Business

December 18, 2013

Aerojet Rocketdyne successfully completes launch abort engine development testing for Boeing’s CST-100 spacecraft

aerojet-test
Aerojet Rocketdyne announced Dec. 16 that it completed development testing of a flight-like Launch Abort Engine for an innovative “pusher” launch abort system on Boeing’s CST-100 spacecraft.

Aerojet Rocketdyhne is a GenCorp company.

The launch abort engine is a critical component of future commercial crew transportation to low-Earth orbit. A pusher launch abort system “pushes” or propels a spacecraft toward safety if a launch abort is needed and, if unused for an abort, the propellant can be used for other portions of the mission.

“In the past several weeks, the Aerojet Rocketdyne team conducted a series of eight tests on two Launch Abort Engines meeting or exceeding all test parameters,” said Aerojet Rocketdyne Program Manager, Terry Lorier. “The tests demonstrated engine performance for multiple mission duty cycles and proved operation and durability under extreme operating conditions. The success of this most recent test series clears the way for our team to proceed into qualification and production of the engine in the next phase of the program.”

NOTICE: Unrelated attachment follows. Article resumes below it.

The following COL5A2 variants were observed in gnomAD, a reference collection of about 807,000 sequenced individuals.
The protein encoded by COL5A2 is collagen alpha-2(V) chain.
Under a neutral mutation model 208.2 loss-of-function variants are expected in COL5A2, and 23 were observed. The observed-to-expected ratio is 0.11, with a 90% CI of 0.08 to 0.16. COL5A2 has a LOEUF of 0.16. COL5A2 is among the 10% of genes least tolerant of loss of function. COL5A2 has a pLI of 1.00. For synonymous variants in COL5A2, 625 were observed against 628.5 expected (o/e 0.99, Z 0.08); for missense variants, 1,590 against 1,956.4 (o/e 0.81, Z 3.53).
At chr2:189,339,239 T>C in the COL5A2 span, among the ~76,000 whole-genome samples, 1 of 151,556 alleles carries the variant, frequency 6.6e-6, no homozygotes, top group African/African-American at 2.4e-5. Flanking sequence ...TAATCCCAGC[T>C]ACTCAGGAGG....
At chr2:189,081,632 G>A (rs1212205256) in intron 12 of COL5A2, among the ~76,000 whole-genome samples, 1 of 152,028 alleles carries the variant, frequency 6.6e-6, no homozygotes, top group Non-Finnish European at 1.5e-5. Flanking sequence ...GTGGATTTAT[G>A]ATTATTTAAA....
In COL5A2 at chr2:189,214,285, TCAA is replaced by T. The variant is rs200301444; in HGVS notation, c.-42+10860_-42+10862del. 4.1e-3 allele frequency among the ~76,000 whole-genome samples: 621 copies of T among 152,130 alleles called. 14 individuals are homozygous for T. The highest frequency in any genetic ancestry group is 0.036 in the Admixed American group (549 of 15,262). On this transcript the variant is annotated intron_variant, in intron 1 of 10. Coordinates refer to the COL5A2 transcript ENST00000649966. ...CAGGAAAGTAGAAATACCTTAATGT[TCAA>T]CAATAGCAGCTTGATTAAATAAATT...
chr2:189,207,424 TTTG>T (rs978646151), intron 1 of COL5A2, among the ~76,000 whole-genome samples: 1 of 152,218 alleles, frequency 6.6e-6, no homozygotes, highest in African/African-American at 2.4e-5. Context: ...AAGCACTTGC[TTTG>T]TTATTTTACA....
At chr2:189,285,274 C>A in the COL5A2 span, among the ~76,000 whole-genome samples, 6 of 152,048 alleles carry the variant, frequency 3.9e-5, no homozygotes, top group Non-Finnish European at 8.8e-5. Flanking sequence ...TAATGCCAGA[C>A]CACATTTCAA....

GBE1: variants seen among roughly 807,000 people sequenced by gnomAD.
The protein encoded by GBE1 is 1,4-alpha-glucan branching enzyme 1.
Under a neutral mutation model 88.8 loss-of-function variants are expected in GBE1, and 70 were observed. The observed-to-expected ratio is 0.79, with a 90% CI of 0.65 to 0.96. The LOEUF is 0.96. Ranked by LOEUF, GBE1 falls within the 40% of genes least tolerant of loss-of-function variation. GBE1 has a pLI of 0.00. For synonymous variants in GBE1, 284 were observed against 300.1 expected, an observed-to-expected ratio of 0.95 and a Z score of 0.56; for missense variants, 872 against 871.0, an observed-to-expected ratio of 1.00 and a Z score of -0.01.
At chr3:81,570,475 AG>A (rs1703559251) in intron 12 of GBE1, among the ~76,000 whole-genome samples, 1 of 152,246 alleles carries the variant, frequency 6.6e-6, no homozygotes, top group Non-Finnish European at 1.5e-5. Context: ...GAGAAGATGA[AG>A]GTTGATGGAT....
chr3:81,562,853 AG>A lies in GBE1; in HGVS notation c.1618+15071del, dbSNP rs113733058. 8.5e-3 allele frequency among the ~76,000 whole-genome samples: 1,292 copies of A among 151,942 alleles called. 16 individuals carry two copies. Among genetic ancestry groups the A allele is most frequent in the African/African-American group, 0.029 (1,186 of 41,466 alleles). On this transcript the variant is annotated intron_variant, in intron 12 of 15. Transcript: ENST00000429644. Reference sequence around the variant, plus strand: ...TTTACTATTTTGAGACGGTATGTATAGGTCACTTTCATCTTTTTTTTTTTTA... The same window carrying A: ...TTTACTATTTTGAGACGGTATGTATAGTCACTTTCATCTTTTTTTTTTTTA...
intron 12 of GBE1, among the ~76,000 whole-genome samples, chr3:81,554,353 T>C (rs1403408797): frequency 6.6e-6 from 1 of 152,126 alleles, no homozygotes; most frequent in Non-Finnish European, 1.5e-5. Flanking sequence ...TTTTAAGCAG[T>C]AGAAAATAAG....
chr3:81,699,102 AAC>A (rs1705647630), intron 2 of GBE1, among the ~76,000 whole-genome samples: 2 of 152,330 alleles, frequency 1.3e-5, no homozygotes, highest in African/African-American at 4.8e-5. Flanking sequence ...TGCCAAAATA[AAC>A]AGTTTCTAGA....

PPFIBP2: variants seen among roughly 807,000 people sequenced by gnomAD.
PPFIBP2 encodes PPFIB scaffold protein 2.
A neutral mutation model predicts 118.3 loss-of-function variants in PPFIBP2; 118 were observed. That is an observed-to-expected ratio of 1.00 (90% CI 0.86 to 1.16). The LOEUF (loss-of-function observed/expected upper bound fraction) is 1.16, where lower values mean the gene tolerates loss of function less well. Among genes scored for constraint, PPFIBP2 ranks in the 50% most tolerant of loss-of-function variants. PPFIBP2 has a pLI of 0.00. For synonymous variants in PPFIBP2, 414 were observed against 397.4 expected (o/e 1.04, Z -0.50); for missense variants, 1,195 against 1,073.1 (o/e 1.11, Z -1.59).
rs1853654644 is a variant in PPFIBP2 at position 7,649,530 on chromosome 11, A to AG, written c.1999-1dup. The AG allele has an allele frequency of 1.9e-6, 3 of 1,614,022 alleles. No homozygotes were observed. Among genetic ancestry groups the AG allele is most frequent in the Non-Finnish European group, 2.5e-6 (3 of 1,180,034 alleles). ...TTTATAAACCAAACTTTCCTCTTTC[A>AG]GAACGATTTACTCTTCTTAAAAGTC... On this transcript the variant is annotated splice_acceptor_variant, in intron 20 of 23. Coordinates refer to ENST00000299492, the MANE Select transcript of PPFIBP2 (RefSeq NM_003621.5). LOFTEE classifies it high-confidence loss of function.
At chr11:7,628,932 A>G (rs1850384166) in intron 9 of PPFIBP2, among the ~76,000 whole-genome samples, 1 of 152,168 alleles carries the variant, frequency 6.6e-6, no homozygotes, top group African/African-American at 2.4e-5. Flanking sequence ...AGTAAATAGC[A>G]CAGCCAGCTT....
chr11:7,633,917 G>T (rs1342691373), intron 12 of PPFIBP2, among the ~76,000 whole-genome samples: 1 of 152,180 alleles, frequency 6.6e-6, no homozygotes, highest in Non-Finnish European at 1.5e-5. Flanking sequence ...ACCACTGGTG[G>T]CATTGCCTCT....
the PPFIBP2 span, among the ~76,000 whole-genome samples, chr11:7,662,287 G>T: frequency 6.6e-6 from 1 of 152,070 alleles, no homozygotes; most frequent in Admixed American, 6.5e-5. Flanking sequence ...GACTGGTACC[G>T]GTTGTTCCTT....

The tests series was conducted at a test facility near Mojave, Calif., with each engine operating at its maximum thrust of 39,000 pounds. The LAE has the distinction of being derived from proven reliable heritage engine systems and utilizes a simple modular design, which is affordable, easy to fabricate and has demonstrated durability and performance.

“This final round of development testing for the abort engines was a big step in verifying they can perform like we anticipated,” said Boeing Vice President of Commercial Programs, John Mulholland. “We’re looking forward to certification testing.”

Boeing is advancing the design of the CST-100 under a Commercial Crew Integrated Capability Space Act Agreement with NASA’s Commercial Crew Program. When development is completed, the vehicle will be capable of transporting people to future low-Earth orbit destinations and potentially the International Space Station. Aerojet Rocketdyne is operating under a fixed price contract to Boeing having completed the final development demonstration of the LAE for Boeing’s CST-100 spacecraft. This testing preceded Boeing’s Service Module Propulsion System critical design review with NASA in November.




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